Will Central Asia Fight Over Water Resources?

Water has always been a major cause of wars and border conflicts in the Central Asian region. For being one of the greatest geographical regions, Central Asia has limited water resources. The modern history of the region has been fueled with various ethnic and territorial clashes. Apparently, the main catalysts behind conflicts have been attempts to take control of rich water resources. The main sources of water in Central Asia are the Syr Darya and Amu Darya Rivers, mostly fed by snow- and glacier melt from the Pamir, Hindu Kush, and Tien Shan mountain ranges. The 2,200-kilometer Syr Darya originates in the Tien Shan, flows through Kyrgyzstan as the Naryn River, and combines with the Kara Darya to become the Syr Darya.

The water resource crisis is not a new phenomenon in Central Asia. With the eventual fall of the Soviet Union, the resource-sharing system is imposed on the region totally disintegrated. The root of the problem is that the main water resources in Central Asia flow from territories of Tajikistan and Kyrgyzstan. Kyrgyzstan holds the rule of downstream Syr-Darya flow at the Toktogul dam, while Tajikistan re-launched the building of Rogun dam on Vakhsh River, which was then shut down due to lack of funds and strained relations with neighboring Uzbekistan. If completed, the Rogun dam will be able to ensure mountainous Tajikistan electricity, as it is in need of energy. Despite its quite favorable location in an energy-rich region, the Central Asian country faces energy-related problems.

Kyrgyzstan faces the same problem with the water supply of Toktogul, which provides almost 90% of the country’s electricity. Tension also derives from conflict over the Toktogul water reservoir, which is a major point of contention for Kyrgyzstan and neighboring countries. The rich water resources of Kyrgyzstan further led to intensive border clashes with Uzbekistan several times. The latter deployed military troops along its border with Kyrgyzstan on March 24, 2016.

Undoubtedly, Uzbekistan’s attempt to reclaim Ala-Buka water reservoir in Kyrgyzstan territory flared up tensions in the border and led to a deterioration of bilateral relations. Even though both countries are still far from reaching a consensus over the water reservoir, Bishkek plans to build a Kambarata-3 Hydro Power Plant to produce hydro-energy for exporting to neighboring states, which will give Kyrgyzstan significant leverage over Uzbekistan. The Kambarata hydropower plant would be built on the Naryn River, a tributary of the Syr Darya. Along with Rogun dam, these two are to be the largest dams in Central Asia, with potential generating capacities of 1,900 megawatts and 3,600 megawatts. However, Tashkent strongly opposes this project, worrying that Kambarata will limit or disrupt the flow of irrigation water essential to its cotton fields and farmers. Although none of these dams are completed yet, concerns over how they would shift the regional balance of power in Central Asia rise intensely.

Yet, the failure of the Kyrgyz, Tajik, and Uzbek governments to modernize water-dependent sectors, such as energy and agriculture increases their mutual dependence on each other. Considering this controversy, Uzbekistan enacts policy aimed at decreasing dependence on Toktogul reservoir by building a reservoir that is capable of storing 2.5 billion cubic meters of water. However, Uzbek authorities realized soon that it is nearly impossible to get enough power from the plant to provinces, in particular the Uzbek part of Fergana Valley, which highly suffers from lack of portable water and does not have any alternatives to farming. According to numbers, deficits of portable water in the Uzbek part of Fergana reach 1.5 billion cubic meters in a year, which is very high compared to Tajikistan and the Kyrgyzstan part of Fergana. The Fergana Valley, a landlocked, overpopulated region with 60 million people is a less favorable place for farming due to its desertification problem, outdated Soviet-era infrastructure (which has not been modernized since the 1950s), and poor water management, which exacerbates Fergana’s problems even worse. Fewer and fewer people have access to clean water since the collapse of the Soviet Union, because of the low economic growth of newly independent states.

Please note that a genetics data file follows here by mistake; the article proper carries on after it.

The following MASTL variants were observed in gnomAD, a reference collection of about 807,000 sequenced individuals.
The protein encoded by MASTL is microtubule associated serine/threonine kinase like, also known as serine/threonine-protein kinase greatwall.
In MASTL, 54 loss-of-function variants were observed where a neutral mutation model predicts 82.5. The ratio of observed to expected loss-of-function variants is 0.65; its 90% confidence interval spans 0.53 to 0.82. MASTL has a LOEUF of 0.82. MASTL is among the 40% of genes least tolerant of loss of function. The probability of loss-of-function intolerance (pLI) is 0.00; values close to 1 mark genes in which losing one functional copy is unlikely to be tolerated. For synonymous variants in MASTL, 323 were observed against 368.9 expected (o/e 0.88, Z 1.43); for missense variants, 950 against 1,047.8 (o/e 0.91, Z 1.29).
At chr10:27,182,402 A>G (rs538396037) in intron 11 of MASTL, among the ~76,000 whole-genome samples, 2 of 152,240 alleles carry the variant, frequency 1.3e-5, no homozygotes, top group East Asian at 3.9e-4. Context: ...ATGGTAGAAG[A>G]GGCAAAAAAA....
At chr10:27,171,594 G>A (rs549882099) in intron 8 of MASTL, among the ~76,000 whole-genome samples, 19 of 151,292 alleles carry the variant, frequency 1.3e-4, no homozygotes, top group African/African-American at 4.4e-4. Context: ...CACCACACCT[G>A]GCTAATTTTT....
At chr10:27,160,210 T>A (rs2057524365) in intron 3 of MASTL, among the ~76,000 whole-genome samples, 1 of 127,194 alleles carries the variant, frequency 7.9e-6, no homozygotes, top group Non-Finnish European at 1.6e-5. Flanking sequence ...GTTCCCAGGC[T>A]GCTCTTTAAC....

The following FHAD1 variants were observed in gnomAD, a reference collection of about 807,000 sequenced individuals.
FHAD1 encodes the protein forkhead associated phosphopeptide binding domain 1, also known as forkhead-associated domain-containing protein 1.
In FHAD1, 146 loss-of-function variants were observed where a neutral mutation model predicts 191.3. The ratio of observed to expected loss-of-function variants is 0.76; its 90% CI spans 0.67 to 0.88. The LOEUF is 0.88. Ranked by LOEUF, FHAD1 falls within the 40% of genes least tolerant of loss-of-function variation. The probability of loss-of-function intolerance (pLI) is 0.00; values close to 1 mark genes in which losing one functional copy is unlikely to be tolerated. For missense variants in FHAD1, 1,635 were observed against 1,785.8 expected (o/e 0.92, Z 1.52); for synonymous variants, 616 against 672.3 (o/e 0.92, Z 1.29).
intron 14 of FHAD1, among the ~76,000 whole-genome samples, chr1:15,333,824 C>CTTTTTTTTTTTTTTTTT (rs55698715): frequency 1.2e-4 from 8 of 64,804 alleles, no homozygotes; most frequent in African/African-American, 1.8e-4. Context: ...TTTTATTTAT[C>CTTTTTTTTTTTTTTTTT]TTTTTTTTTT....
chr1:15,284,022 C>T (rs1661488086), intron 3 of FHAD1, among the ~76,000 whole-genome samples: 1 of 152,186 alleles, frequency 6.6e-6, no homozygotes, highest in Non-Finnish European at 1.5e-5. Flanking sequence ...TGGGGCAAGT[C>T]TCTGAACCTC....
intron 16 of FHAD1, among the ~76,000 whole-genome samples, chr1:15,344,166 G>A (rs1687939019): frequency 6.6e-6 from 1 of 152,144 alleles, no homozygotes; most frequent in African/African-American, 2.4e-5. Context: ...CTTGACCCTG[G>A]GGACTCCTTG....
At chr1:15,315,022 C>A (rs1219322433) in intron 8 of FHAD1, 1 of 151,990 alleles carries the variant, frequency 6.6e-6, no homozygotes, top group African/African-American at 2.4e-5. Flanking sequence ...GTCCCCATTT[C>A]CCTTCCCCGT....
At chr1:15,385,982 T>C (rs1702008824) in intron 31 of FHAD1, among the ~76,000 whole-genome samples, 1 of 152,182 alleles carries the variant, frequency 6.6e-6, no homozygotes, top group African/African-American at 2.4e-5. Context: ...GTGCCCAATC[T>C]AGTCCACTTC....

Obviously, water dispute is not the only problem in the region, as the potential for conflict is also enhanced by high population growth rate in the Fergana Valley. The Fergana Valley is a major source of food for Central Asia. The agricultural productivity has made the Fergana Valley the most densely populated part of Central Asia. While the population density of Central Asia as a whole is 40.8 people per square mile, in the Fergana Valley it is 1,600 people per square mile. It is also one of the fastest-growing regions within Central Asia, experiencing a population growth of 32% in the last 10 years.

To conclude, it is safe to note that water resource relations between the conflicting parties mostly depend on their internal political power structure, as well as their mutual relations. Thus, water resources can be seen as a common “concern” of Central Asia since it is the only potential factor that can fuel regional conflicts. High-level mediation should be sought to reach a compromise among involved parties. Although there is no guarantee that regional countries would collaborate on that issue, it could give an opportunity to the aforementioned countries to modernize infrastructure and the management of water resources.

This article was originally published by Forbes

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